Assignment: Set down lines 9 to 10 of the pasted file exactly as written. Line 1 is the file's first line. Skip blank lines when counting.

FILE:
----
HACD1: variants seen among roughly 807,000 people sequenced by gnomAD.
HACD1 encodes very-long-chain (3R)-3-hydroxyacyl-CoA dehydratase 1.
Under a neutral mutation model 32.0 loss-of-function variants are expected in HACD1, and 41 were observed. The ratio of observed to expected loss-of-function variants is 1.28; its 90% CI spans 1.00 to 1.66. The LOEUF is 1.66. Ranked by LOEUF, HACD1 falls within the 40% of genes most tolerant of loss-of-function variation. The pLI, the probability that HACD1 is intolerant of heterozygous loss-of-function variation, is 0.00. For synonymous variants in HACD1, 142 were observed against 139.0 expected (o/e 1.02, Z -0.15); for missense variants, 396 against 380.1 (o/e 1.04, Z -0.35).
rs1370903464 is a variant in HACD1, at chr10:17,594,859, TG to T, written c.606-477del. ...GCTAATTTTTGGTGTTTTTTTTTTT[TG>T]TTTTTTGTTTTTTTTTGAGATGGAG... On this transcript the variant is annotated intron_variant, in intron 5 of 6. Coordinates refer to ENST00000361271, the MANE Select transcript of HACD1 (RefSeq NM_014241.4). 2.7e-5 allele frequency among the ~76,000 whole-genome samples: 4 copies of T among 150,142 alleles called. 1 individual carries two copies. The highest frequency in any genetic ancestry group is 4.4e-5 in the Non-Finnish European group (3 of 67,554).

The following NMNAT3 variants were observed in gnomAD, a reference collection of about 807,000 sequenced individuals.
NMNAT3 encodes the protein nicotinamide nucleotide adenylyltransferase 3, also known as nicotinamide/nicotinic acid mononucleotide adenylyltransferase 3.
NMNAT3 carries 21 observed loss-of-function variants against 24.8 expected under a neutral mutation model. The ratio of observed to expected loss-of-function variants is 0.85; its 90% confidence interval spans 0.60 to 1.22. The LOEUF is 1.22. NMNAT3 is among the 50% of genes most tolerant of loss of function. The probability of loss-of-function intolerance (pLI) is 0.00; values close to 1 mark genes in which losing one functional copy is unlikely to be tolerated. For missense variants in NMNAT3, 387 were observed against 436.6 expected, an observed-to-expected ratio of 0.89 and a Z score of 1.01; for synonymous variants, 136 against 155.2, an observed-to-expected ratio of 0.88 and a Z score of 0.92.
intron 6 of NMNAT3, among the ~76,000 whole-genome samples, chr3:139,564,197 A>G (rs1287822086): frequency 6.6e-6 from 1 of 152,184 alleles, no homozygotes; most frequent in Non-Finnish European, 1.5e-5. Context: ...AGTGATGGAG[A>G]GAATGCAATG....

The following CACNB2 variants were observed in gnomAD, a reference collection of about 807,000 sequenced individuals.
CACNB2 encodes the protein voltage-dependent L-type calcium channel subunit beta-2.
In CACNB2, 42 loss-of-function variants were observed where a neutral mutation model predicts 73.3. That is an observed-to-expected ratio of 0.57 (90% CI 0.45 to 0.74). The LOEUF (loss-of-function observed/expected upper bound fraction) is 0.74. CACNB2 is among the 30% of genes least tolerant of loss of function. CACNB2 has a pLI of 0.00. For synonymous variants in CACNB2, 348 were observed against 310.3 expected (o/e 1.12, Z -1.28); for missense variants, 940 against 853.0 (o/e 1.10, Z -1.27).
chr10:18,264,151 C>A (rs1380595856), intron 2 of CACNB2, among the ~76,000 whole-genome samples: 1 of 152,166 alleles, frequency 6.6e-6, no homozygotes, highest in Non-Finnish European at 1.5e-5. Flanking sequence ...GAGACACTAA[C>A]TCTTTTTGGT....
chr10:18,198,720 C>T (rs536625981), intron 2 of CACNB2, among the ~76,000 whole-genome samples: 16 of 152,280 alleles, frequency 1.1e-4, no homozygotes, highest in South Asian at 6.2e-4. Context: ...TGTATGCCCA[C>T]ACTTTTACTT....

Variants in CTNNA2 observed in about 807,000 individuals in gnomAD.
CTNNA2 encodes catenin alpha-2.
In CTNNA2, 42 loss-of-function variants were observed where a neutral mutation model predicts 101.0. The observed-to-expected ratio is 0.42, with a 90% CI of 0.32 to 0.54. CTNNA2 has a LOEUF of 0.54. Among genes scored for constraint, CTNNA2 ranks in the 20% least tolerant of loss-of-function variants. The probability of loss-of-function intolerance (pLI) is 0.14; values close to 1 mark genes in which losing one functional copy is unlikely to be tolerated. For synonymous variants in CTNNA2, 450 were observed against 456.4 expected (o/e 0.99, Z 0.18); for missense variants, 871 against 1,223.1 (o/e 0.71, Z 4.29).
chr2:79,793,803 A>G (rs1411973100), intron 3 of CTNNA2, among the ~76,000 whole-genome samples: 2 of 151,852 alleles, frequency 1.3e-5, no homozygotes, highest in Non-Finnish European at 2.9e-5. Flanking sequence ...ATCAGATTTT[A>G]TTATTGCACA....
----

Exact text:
The following CACNB2 variants were observed in gnomAD, a reference collection of about 807,000 sequenced individuals.
CACNB2 encodes the protein voltage-dependent L-type calcium channel subunit beta-2.